Taking a Look Inside the Cisco 8742HDC Cable Box
My Samung cable box recently stopped working and had to be replaced. When the Time Warner technician arrived I expected he would replace the box with an identical model but instead he left me a Cisco 8742HDC box. I did a quick search of Samsung’s website and I couldn’t find any product info for the SMT-H3270, or SMT-H3272 anymore so I believe they may have been discontinued but I haven’t been able to confirm this.
Currently there is very little information available regarding the 8742HDC cable box. I wasn’t able to locate a users manual or even anything that mentioned the 8742 on Cisco’s website. A little searching on Google turned up a brief article that indicated Time Warner has just started testing the 8742 DVR in the field.
One of the cool features of the 8742 is the touch panel on the front of the unit. You’ll find no buttons on this unit, instead the front panel is completely smooth. To activate a feature you can simply touch the text labels. The touch panel is a neat feature but it doesn’t seem very practical to me. I don’t find myself sitting in front of the cable box very often, 99.9% of the time I’m sitting on the couch using the remote. Besides looking cool I’m not sure what purpose the touch panel really serves.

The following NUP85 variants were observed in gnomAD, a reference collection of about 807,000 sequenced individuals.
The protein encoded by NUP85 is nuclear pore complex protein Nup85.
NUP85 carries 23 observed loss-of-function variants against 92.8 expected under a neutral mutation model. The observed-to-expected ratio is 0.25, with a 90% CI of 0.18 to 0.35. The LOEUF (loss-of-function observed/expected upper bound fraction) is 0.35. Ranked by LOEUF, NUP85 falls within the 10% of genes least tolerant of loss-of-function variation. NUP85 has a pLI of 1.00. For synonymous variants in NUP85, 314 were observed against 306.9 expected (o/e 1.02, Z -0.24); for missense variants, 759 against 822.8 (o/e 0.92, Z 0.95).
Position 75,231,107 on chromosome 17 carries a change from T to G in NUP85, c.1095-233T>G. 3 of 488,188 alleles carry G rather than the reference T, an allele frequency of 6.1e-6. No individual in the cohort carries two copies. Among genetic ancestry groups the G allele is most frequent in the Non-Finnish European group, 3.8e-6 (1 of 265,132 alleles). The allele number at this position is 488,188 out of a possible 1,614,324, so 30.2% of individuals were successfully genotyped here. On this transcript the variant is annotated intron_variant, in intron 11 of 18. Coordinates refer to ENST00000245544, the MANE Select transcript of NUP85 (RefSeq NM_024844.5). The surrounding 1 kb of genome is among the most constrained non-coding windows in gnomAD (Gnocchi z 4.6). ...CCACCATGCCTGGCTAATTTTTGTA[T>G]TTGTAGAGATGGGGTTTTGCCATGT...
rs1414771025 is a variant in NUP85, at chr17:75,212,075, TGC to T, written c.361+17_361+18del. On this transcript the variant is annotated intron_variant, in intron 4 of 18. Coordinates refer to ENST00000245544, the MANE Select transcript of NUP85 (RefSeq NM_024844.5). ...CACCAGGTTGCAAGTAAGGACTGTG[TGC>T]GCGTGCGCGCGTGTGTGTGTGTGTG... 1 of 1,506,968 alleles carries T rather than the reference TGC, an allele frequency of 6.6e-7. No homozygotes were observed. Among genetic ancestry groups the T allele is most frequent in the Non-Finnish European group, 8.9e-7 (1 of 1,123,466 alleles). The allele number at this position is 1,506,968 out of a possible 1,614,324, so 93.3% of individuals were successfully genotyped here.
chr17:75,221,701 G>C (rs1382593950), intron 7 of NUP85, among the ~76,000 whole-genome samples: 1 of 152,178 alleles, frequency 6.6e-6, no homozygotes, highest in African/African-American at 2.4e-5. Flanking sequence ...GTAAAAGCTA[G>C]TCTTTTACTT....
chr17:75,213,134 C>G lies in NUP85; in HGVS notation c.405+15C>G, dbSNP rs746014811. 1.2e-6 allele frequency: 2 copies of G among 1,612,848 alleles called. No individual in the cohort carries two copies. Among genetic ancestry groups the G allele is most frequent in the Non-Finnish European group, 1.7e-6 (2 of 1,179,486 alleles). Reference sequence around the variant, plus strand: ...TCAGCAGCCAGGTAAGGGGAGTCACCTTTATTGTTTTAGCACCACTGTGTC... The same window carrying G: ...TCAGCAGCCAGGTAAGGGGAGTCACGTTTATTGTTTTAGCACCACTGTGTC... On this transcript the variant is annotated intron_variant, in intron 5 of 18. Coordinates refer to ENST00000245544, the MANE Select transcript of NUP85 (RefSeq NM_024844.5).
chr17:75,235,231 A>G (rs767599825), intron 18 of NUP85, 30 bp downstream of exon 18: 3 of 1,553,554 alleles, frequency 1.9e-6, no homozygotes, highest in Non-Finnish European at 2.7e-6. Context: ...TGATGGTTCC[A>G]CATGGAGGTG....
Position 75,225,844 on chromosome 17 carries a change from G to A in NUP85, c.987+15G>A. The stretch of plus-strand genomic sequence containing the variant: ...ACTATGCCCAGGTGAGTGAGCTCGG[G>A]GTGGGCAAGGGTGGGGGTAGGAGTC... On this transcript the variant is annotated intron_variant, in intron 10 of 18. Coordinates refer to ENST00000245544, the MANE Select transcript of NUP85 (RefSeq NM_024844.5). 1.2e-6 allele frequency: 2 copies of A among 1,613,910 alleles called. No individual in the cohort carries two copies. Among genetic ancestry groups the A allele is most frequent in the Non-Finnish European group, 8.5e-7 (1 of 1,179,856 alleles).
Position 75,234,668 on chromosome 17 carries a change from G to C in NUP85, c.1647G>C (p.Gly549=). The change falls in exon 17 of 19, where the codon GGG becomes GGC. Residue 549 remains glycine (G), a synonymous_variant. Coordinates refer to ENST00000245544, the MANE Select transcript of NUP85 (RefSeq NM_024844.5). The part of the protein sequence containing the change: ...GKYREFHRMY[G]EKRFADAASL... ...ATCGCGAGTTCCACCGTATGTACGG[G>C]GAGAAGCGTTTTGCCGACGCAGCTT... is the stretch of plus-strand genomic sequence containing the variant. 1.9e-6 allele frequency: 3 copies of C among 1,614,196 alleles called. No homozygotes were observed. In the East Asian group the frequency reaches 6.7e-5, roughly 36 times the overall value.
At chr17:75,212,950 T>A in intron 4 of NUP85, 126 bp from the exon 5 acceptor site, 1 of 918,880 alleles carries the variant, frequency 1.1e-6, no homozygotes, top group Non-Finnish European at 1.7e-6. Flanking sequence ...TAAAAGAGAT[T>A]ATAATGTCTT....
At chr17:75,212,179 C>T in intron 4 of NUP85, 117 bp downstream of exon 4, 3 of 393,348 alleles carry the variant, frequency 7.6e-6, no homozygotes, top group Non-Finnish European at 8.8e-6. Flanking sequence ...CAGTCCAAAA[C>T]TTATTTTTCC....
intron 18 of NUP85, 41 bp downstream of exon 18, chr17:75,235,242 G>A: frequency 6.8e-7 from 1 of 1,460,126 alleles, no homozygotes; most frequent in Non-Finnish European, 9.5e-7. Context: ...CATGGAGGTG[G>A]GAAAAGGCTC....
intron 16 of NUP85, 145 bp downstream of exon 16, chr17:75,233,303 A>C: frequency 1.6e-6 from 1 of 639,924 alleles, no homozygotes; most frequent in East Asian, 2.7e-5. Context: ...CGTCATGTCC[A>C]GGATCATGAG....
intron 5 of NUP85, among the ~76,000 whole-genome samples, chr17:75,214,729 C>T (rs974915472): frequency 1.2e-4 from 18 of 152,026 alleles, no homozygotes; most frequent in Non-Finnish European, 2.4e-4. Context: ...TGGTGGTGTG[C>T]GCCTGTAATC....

Touch buttons on the front panel
- Power – Turns the DVR on or off.
- Guide – Brings up the on screen program guide.
- Info – Displays information about a selected program in the guide.
- List – Opens the list of recorded programs.
- Exit – Exits the program guide or other menu.
- Select – Opened the highlighted item in the menu.
- Volume Up/Down – Increases or decreases the volumes
- Channel Up/Down – Scrolls up or down through the channels.
The rear panel design of the 8742 is pretty clean. The box includes a decent selection of input and output connections. The cable card slot is located on the upper right side of the back panel. Since the box doesn’t have an integrated power supply there is no switched outlet for powering another device.
- RF Input – Connects to the cable outlet connecting to your service provider.
- RF Output – Legacy output for connecting to the RF input on older devices. (Lowest Quality)
- Composite Out – Connects to the composite input on a TV or receiver.
- Component Out – Connects to the YPbPr HDTV inputs on a TV or receiver.
- Infrared In – This can be used to connect the DVR to an approved infrared receiver.
- Digital Optical (SPDIF) Out – This can be used to send digital audio to a TV or receiver.
- Ethernet – Used for connecting the DVR to a home network. (Mine was disabled)